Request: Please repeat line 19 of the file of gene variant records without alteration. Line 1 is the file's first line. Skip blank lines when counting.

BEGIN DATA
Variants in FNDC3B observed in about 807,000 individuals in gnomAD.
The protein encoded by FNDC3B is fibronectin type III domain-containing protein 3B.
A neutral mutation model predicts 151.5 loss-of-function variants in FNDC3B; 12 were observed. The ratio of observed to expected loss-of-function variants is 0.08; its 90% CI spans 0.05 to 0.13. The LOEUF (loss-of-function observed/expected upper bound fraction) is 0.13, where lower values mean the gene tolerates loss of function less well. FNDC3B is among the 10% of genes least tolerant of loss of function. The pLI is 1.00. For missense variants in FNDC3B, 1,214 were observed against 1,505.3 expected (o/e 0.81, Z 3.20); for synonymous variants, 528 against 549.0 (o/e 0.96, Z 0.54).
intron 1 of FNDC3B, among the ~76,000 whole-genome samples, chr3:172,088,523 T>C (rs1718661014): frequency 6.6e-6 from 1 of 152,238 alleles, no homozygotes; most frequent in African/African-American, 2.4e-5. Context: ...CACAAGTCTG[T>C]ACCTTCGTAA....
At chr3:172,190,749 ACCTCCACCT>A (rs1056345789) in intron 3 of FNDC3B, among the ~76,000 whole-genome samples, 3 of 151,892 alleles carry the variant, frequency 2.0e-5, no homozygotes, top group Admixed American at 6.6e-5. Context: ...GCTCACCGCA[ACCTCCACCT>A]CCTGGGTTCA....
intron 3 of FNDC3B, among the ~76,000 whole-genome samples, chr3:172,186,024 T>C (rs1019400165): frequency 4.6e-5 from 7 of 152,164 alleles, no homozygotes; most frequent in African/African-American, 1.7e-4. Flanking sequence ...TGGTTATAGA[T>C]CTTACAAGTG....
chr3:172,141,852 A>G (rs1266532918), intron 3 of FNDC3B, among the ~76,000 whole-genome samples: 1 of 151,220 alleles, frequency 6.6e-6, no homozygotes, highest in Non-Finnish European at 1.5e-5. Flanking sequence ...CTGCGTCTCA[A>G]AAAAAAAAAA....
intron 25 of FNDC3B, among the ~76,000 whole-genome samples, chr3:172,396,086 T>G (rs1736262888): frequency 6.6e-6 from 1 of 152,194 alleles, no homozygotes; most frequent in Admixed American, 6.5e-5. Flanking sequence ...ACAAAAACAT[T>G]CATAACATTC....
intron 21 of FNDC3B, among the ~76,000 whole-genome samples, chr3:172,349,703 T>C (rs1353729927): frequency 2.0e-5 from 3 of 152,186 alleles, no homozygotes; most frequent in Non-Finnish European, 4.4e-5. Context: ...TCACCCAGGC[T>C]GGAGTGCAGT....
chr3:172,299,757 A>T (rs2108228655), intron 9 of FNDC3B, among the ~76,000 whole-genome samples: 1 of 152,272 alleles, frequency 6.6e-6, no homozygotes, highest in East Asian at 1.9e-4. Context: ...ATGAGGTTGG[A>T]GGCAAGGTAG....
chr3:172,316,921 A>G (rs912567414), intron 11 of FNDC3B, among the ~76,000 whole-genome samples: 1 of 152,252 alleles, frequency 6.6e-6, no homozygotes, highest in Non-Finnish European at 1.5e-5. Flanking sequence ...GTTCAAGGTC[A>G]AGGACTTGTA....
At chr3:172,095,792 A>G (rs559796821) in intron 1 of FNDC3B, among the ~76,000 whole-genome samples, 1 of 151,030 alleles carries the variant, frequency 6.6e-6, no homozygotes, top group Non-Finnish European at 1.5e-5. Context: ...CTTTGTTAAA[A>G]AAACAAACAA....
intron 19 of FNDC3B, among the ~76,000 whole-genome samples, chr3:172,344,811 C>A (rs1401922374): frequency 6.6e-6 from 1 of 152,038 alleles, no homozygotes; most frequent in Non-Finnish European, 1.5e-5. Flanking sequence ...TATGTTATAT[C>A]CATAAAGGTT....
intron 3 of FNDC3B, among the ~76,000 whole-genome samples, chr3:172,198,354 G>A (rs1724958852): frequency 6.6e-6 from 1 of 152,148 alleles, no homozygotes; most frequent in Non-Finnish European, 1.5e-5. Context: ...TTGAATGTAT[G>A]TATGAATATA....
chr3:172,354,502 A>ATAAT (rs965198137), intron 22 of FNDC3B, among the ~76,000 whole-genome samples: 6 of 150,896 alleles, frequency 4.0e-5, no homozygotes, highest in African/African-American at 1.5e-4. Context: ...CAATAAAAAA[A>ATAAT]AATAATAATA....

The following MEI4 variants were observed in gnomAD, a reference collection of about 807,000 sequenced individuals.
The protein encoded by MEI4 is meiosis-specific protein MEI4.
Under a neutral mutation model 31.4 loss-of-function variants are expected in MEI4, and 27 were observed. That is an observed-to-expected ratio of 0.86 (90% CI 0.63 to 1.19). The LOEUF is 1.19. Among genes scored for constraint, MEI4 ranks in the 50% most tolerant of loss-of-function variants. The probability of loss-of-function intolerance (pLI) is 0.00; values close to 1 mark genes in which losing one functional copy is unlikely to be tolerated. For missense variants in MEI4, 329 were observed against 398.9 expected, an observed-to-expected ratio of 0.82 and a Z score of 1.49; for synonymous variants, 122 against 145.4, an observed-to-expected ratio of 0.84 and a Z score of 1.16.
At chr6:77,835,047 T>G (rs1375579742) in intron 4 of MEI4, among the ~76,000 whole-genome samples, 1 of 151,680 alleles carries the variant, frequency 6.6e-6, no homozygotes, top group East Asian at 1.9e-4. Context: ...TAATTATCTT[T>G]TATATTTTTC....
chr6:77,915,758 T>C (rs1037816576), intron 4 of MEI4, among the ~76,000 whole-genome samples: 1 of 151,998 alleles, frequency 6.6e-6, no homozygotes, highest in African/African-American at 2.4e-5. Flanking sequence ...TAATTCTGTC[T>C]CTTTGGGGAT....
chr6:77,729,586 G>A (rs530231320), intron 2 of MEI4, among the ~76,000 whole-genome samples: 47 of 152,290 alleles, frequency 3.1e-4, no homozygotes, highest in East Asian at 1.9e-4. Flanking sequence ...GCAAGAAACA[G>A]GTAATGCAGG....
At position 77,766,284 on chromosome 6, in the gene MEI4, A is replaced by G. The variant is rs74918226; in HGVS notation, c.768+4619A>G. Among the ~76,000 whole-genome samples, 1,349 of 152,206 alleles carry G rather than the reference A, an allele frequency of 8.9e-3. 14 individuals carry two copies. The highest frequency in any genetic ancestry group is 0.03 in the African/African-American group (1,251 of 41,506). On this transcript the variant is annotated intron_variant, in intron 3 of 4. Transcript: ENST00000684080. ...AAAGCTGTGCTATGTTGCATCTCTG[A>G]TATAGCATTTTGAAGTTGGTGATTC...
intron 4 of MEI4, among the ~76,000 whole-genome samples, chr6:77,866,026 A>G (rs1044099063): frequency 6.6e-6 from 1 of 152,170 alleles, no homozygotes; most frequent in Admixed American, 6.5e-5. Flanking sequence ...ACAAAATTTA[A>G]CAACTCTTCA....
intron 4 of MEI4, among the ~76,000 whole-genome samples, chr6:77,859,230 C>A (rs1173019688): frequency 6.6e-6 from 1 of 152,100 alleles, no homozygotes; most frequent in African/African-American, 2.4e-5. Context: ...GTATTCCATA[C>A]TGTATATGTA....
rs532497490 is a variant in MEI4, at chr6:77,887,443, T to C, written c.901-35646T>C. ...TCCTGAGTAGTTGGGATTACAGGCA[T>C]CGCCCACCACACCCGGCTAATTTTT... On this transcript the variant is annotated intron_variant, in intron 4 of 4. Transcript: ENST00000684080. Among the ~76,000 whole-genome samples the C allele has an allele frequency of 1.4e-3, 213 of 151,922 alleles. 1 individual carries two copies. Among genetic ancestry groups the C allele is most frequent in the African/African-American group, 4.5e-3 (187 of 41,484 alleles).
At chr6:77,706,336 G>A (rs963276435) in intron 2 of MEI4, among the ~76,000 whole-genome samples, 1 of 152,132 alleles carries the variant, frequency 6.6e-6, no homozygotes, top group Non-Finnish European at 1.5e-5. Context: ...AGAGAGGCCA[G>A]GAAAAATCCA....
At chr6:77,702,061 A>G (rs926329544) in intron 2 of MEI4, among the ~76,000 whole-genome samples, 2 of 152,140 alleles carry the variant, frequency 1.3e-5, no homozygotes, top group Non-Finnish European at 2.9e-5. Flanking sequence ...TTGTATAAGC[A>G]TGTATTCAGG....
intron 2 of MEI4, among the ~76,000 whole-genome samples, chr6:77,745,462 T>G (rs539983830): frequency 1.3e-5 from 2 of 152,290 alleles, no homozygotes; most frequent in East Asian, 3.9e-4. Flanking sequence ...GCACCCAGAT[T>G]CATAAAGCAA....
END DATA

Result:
At chr6:77,835,047 T>G (rs1375579742) in intron 4 of MEI4, among the ~76,000 whole-genome samples, 1 of 151,680 alleles carries the variant, frequency 6.6e-6, no homozygotes, top group East Asian at 1.9e-4. Context: ...TAATTATCTT[T>G]TATATTTTTC....